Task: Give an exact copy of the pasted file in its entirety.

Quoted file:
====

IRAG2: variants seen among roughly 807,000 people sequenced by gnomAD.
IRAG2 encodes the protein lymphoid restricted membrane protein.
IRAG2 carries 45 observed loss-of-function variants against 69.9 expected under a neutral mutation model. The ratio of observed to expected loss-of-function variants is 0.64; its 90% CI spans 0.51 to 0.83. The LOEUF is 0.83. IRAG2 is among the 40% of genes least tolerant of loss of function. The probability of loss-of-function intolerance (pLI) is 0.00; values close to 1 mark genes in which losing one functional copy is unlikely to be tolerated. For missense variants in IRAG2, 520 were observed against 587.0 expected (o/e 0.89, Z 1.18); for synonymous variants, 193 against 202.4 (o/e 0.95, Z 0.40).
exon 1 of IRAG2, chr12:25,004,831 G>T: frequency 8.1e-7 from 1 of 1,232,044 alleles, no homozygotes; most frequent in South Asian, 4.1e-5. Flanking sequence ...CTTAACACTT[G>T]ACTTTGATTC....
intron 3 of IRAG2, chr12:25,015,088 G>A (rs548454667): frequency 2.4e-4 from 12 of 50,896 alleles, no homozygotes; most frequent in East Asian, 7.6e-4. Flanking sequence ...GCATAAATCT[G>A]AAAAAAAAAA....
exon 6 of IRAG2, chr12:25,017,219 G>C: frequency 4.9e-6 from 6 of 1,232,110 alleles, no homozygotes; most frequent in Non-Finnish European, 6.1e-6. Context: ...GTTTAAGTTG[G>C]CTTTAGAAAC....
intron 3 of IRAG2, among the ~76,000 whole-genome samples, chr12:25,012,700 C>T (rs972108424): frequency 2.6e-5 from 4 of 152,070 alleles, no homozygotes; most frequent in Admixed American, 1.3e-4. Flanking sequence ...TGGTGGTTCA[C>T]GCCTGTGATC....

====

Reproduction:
IRAG2: variants seen among roughly 807,000 people sequenced by gnomAD.
IRAG2 encodes the protein lymphoid restricted membrane protein.
IRAG2 carries 45 observed loss-of-function variants against 69.9 expected under a neutral mutation model. The ratio of observed to expected loss-of-function variants is 0.64; its 90% CI spans 0.51 to 0.83. The LOEUF is 0.83. IRAG2 is among the 40% of genes least tolerant of loss of function. The probability of loss-of-function intolerance (pLI) is 0.00; values close to 1 mark genes in which losing one functional copy is unlikely to be tolerated. For missense variants in IRAG2, 520 were observed against 587.0 expected (o/e 0.89, Z 1.18); for synonymous variants, 193 against 202.4 (o/e 0.95, Z 0.40).
exon 1 of IRAG2, chr12:25,004,831 G>T: frequency 8.1e-7 from 1 of 1,232,044 alleles, no homozygotes; most frequent in South Asian, 4.1e-5. Flanking sequence ...CTTAACACTT[G>T]ACTTTGATTC....
intron 3 of IRAG2, chr12:25,015,088 G>A (rs548454667): frequency 2.4e-4 from 12 of 50,896 alleles, no homozygotes; most frequent in East Asian, 7.6e-4. Flanking sequence ...GCATAAATCT[G>A]AAAAAAAAAA....
exon 6 of IRAG2, chr12:25,017,219 G>C: frequency 4.9e-6 from 6 of 1,232,110 alleles, no homozygotes; most frequent in Non-Finnish European, 6.1e-6. Context: ...GTTTAAGTTG[G>C]CTTTAGAAAC....
intron 3 of IRAG2, among the ~76,000 whole-genome samples, chr12:25,012,700 C>T (rs972108424): frequency 2.6e-5 from 4 of 152,070 alleles, no homozygotes; most frequent in Admixed American, 1.3e-4. Flanking sequence ...TGGTGGTTCA[C>T]GCCTGTGATC....